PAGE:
One Year Anniversary of This Blog: My Experience
I can’t believe it has already been a year (as of tomorrow) since I published my first blog post. In realizing this, I decided to take some time to reflect on what I have learned while working on this website and this blog.
Writing blog posts is a time-consuming (though enjoyable) task. Best case scenario: I know exactly what I want to write and I’m done in an hour. The more likely scenario, however, is an hour to pick and research a topic, another hour to write the post, and half an hour to edit. And some posts (like this one) take weeks of procrastination as I try to find the motivation to write what I want to write about. I have a difficult time writing about myself.
All this showed me the importance of planning ahead. I do usually keep a store of blog posts for the upcoming three weeks, so I have something to fall back on if and when I don’t have the time to write one week. Keeping this store means having a constant flow of ideas, which often includes staring at a screen as I figure out what I should write about next.
These time-management and motivation-cultivation skills can be applied to other projects.
Learning About Writing
I may have started this blog to share what I have learned about writing, but I never expected to learn so much about this craft while working on my blog. Sometimes, I realized there were terms I threw around (such as syntax or literary devices) without really knowing what they meant. As I began to write posts, I began to question what I was saying and how I was phrasing things. These questions led to research and, eventually, answers. In the search for the answer to one question, I found answers to many more.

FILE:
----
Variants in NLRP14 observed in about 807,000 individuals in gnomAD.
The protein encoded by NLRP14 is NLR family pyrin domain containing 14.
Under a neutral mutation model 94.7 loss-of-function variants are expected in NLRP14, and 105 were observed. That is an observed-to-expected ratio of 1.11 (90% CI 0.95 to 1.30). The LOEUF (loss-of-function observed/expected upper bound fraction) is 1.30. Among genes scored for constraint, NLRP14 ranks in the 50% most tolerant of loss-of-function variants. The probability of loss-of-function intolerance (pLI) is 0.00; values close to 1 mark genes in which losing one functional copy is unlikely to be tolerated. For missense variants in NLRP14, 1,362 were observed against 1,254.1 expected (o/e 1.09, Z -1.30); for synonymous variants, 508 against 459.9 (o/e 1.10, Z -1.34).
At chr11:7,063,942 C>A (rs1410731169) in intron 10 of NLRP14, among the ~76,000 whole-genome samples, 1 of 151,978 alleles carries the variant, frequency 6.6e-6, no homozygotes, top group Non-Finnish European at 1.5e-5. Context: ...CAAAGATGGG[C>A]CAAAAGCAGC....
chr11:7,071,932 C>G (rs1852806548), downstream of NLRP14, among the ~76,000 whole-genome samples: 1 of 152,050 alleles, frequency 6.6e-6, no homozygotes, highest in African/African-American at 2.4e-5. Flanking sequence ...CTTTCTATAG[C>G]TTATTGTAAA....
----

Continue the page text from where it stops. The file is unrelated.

This, more than anything, showed me how much goes into the writing process.
Yes, I was incorporating all of these things into my writing over the course of the years-long writing process. However, writing a post each week required researching writing skills much faster than I ever had before and made it all seem much more overwhelming. Of course, it did also show me that there is an answer to every question.
Also, as someone who primarily writes young adult fantasy, I was afraid my posts would be too biased or limited in their applications. When writing about literary elements and techniques, standard word count ranges, and tropes, I had to think about and research how these might be different for genres I don’t typically write in. I made sure the information was general and included tips for writers of various genres.
Building off this goal of reaching authors from all paths, I want to do more to depict the perspective of authors from other genres and with different experiences. To do that, I’m going to open up to guest posts from fellow writers. If you would like to write a guest post, please email a short pitch and bio to me at firstname.lastname@example.org.
This past year has been a wonderful experience, and I hope this blog will continue and grow for years to come. Thank you all for riding with me on this journey.